Parents forge ahead despite loss

Rossland’s Neighbourhood of Learning did not win the Aviva Community Fund Competition but its solid showing has organizers optimistic as they look to the future.

Neighbourhoods of Learning group plans March meeting

Rossland’s Neighbourhood of Learning did not win the Aviva Community Fund Competition but its solid showing has organizers optimistic as they look to the future.

“We didn’t win any money this time but this doesn’t mean the difference between whether RSS stays open or closes,” said committee member Shelley Ackerman. “We can try again next year when hopefully everything will be more concrete and the spectre of (school) closures is no longer looming.”

The effort made the Top 10 in the small cities category but failed to receive any money once the final judging was completed. Nelson had also finished in the Top 10 but like Rossland did not make the cut in a competition

that doled out $1 million in grant funding.

The neighbourhood-learning plan would see K-12 move into Rossland Secondary School and MacLean Elementary potentially used as a neighbourhood learning or community centre with the francophone school possibly relocating there.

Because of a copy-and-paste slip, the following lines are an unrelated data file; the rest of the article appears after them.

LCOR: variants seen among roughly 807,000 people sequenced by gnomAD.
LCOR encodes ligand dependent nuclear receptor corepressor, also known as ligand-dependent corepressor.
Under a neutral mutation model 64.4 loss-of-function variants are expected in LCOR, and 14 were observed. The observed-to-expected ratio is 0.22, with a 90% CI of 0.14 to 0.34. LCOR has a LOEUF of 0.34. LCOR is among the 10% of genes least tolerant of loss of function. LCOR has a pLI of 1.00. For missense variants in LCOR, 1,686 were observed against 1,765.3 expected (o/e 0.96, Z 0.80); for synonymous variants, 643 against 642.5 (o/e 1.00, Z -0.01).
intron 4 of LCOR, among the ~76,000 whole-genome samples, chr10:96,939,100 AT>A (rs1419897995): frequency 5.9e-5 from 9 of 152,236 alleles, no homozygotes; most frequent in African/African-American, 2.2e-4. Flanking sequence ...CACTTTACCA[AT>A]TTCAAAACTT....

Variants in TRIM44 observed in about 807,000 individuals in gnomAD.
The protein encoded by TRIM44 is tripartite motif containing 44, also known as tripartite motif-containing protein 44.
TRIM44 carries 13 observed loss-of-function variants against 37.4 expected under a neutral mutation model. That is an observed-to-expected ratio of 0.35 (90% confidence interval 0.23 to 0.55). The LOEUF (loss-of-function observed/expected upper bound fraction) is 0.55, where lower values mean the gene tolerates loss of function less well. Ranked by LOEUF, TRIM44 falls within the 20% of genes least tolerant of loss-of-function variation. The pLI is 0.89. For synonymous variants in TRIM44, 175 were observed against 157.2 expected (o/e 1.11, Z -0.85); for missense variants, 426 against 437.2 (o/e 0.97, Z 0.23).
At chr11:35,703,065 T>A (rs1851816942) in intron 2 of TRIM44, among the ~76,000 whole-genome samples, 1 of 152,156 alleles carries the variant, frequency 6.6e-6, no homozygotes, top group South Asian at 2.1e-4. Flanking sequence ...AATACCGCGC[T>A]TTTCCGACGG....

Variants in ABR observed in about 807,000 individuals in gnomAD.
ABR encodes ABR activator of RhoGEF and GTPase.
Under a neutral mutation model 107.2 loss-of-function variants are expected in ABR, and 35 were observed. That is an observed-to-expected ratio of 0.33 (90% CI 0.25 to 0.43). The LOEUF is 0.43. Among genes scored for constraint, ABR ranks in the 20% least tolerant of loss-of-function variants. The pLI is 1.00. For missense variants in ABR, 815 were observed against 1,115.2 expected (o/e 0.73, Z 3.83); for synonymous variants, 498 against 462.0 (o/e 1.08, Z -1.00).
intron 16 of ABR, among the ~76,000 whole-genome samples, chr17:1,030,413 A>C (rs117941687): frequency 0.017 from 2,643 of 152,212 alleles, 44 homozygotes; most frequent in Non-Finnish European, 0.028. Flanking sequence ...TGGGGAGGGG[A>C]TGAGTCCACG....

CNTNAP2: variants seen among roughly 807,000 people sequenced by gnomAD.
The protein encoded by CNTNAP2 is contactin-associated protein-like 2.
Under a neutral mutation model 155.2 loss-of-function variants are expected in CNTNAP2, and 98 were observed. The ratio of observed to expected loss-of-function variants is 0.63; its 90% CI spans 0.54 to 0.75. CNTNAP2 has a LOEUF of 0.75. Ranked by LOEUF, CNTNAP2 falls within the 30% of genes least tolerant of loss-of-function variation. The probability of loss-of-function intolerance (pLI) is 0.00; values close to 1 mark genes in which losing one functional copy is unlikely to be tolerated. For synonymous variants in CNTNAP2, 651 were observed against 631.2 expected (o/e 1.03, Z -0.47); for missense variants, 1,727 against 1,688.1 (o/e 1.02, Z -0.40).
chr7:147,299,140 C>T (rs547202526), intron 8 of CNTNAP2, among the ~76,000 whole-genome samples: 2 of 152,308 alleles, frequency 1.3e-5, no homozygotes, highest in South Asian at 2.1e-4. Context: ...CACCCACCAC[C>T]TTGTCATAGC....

The committee has set a public meeting for March 1, where the focus will be on preserving K-12 education in Rossland.

“The focus of the meeting isn’t so much about getting neighbourhood of learning users into the building, it’s more about having K-12 in one facility because if K-12 is all in the RSS building there won’t be room for neighhourhoods of learning.”

Amid heated criticism from three Trail area trustees, the board of education shelved the facilities plan and agreed to look at concepts such as NOL and 21st Century Learning and have planned public meetings in Rossland, Trail and Castlegar beginning March 2 in Rossland.

“Both these meetings are extremely important and its vital everyone get out and support them,” said Ackerman.

The neighbourhood-learning meeting will host people who have worked in K-12 schools from communities like Crawford Bay and Kaslo and will share thoughts about the benefits and opportunities of K-12 learning in public schools, Ackerman added.

The neighbourhood-learning concept seems to be growing as last month Webster Elementary School’s Parent Advisory Council wrote a letter of support to Rossland’s two PACs and have worked with the village in financing new programs at Webster Elementary.

At a recent school district budget meeting, Phil Power, head teacher of the Kootenay Columbia Learning Centre at Trail Middle School, asked for funding for a community garden and to foster a neighbourhoods-of-learning style program.

“Neighbourhoods of learning is something we’ve been talking about quite a bit and I think this is the first opportunity to explore neighbourhoods of learning, again, to bring the school together,” said Power.